In spite of the promise of 9/11 commission Chair Tom Kean that the 9/11 report "will make the American people safer," civil liberties groups say some of those ideas could jeopardize the personal privacy of millions of Americans in the name of enhancing security.
The commission recommends that the federal government set national standards for issuing birth certificates and driver’s licenses. At many sensitive entry points, the report says, ID's are the best way to ensure that people are who they say they are.
David Sobel, of the Electronic Privacy Information Center, concedes that fraud is a problem, but he says national ID standards could quickly lead to something else — citizens having to show their papers.
"We have to be very careful that we don't move into a situation where we have an internal passport or national identification card, which is something that the American people have always been very resistant to," says Sobel.
The commission also calls for speeding up reliance on no-fly lists and flagging passengers who should always get enhanced screening. Better use of those lists, it says, can help keep potential terrorists off airplanes.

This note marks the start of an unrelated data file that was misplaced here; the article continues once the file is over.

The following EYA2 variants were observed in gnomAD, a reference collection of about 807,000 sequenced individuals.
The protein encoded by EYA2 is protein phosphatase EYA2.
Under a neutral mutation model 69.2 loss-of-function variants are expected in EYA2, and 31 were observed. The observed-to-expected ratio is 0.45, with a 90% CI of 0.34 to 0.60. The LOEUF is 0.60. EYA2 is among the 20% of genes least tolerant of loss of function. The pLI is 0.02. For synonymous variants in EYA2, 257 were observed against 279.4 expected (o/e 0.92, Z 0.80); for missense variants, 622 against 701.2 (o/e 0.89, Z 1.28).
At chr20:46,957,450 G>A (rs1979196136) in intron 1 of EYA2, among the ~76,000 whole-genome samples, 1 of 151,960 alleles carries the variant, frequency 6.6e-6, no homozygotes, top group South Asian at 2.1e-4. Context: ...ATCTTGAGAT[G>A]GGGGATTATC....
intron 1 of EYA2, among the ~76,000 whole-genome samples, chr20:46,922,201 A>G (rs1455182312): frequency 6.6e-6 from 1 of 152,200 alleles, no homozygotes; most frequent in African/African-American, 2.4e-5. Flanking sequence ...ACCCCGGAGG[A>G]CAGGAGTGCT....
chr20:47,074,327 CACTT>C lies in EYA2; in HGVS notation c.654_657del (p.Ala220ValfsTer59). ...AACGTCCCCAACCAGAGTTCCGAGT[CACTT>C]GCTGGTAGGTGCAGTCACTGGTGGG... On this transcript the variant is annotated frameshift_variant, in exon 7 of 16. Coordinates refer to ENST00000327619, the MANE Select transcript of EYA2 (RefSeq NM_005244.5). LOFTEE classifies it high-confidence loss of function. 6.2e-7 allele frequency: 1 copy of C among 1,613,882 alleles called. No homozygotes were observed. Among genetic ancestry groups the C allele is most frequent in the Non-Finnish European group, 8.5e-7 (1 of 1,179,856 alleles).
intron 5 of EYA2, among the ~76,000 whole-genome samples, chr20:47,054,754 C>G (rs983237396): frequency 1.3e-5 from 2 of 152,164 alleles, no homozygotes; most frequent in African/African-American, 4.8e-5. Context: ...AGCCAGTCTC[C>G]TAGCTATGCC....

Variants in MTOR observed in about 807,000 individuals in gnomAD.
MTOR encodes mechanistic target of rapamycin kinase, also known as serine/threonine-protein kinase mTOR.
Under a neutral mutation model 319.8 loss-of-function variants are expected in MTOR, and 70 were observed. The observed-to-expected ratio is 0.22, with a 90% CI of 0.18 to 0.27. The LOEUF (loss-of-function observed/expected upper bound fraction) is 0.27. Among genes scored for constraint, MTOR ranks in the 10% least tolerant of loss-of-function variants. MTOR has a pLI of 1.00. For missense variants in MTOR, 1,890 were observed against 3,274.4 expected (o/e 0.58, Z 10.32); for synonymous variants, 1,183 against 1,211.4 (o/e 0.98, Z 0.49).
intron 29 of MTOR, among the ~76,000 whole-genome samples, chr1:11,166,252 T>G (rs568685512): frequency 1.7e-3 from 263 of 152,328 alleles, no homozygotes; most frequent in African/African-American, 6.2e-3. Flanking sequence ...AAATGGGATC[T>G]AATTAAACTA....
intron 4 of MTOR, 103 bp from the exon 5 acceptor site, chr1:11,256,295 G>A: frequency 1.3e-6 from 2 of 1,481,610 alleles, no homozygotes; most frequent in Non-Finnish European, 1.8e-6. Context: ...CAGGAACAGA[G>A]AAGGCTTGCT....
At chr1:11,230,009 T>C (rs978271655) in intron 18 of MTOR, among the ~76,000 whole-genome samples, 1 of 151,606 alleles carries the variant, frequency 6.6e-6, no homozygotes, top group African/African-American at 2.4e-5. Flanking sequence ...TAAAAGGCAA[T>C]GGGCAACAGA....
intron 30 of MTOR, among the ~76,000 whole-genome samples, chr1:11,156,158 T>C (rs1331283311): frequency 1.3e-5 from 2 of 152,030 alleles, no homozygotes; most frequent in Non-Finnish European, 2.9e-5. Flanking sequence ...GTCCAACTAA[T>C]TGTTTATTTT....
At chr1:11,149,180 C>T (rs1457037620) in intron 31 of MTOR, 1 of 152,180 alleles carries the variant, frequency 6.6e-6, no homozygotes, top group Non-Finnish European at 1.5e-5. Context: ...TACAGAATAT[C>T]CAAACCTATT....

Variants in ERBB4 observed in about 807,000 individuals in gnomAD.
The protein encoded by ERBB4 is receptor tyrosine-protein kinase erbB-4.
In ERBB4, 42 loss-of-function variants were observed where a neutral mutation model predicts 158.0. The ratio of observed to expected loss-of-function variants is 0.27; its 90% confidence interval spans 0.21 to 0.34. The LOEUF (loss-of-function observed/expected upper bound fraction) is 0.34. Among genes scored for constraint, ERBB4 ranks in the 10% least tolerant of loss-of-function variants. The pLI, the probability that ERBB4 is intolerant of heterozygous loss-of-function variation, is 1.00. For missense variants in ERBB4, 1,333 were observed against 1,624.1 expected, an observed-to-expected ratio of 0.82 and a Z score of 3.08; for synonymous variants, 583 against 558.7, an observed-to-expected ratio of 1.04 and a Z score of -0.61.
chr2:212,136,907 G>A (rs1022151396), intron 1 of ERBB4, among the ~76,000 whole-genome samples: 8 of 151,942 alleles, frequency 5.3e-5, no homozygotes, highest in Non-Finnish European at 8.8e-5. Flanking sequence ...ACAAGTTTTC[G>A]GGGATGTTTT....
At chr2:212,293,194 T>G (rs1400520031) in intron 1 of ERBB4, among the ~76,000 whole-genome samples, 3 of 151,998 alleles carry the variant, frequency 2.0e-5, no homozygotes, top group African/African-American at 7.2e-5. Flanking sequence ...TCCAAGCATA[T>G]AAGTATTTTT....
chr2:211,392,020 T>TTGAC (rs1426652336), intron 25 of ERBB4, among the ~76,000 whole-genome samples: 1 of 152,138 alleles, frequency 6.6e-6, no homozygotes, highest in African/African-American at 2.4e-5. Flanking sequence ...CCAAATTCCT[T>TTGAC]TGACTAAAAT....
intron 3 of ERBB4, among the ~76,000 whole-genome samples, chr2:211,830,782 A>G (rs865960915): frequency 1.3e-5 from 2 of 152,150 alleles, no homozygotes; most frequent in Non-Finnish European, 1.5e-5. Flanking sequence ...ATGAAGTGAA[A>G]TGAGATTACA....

But Anthony Romero of the American Civil Liberties Union says the report gives no attention to the thousands of people with similar names who constantly get stopped.
"There's no place to go to contest their names on the list. And we're really quite concerned that the proliferation of these no-fly lists will do more harm for ordinary Americans who have done nothing wrong," says Romero.
And the report calls for a government board to make sure that civil liberties are protected. But if it doesn't have enough power, Romero says, it could be worse than nothing.
"We're afraid it will shut down dissent and it will placate the criticisms that otherwise exist," he says.
David Sobel agrees: "These are very difficult questions, very difficult conflicts, to resolve. And I don't think the commission spent a lot of time trying to resolve those conflicts.”
The 9/11 commission says it gave these concerns a serious look, but the privacy groups claim the report dodged some of the hard questions.